10:20 

SC Some listeners might not know what a Jupiter notebook is. So can you explain what a Jupiter notebook is?

NC Yeah, Jupiter notebook is an environment that allows you to do exploratory data analysis, like live. So you just type something on a webpage, and it displays the output.

SC What I really love about it and what I’ve really enjoyed learning about, it’s something that I find often, especially when I’m doing a presentation or like a document where I’m trying to do some product work or convince folks of something, I often have to leave the document to go to excel, or Google Sheets, and I have to make a graph there and do all the work and the math, and then I have to copy and paste that into my document. And sometimes it’ll link, sometimes it won’t, so I can’t really update it live. But it the really neat thing about Jupiter notebooks is that it’s, it’s both a like, you can treat it like a Word document. But it also you can just plop in queries and graphs and data sets and have something really attractive that you can hand off to people and, and show them. You’ve been doing some really neat stuff with Stack Overflow data on Jupiter notebooks. It’s an easy way to consume it.

NC Yeah, actually, I think Jupiter notebooks, they are a great addition to our day to day work. For example, you have a database, and you can query the database. And you need to do something, and as you mentioned their like previous approach was to just upload this data to excel and do some work there. Yeah, but for me, as for developer, I mean, Excel is to be great. It’s really easy to find a function for your like to how to do these, like correlation? Or like how to do this graph, it’s way easier for me to like to find the real function that does it for you than to find, like some button somewhere on Excel. So yeah.

12:15 

BP What kind of stuff have you been messing around with from Stack Overflow data? What kind of stuff are you interested in visualizing?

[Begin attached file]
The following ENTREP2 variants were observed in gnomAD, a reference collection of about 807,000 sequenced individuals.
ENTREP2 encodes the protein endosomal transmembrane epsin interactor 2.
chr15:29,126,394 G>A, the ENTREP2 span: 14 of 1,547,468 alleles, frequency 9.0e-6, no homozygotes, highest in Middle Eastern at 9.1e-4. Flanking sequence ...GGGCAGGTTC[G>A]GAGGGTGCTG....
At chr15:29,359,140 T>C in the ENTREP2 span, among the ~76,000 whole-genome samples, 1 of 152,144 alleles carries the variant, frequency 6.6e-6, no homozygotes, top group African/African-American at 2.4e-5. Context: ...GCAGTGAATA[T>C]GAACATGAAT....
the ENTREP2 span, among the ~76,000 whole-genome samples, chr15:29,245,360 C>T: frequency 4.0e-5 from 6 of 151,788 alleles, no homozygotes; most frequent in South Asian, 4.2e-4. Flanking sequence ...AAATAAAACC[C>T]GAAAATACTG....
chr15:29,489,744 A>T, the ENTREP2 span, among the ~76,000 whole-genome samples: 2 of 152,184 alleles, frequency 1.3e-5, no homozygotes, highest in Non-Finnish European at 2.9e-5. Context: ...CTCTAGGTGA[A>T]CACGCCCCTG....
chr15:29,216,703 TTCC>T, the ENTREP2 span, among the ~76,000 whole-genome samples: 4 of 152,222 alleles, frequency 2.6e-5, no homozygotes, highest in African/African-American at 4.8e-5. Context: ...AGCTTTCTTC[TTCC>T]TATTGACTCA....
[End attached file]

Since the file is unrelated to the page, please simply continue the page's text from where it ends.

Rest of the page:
NC Oh, thank you for this question. I think it’s a it’s a very interesting topic to talk. So basically, Stack Overflow is huge. And behind sense of big things sound like psychology. And we have a lot of psychology theories, but they are just theories. And they were developed like 40 years ago. And they are great. And what’s the most, like, fascinating about Stack Overflow nowadays, is that you can test your hypothesis, social hypothesis on data. And we are very lucky to work for this company. Because we have access to this data. And we can just say, Hey, this is a social hypothesis, how it should be? Is it true for our data? Is it true for our side, and how it looks, for example, all the time, I was thinking that, hey, what a great leader does, probably a great leader leads the community. In other words, post a lot of motivation posts, and like convince others to follow some of the direction. And then I took a look at the data on Stack Overflow meta and meta Stack Exchange. And I mean, we all know our great leaders. It’s [inaudible] his team, and Jeff and few others. And actually I look at their like question and answers. And I realized that most what they posted were answers, not questions. It’s, it’s fascinating that like, the leadership actually comes through the answers and assistance. No, they’re like, telling others what they should do. Yeah, this is what I do, obviously.

14:00 

SC Yeah. It’s been really neat. You’ve been doing your data Fridays, what have you called them?

NC Yeah, Data-days. Yeah.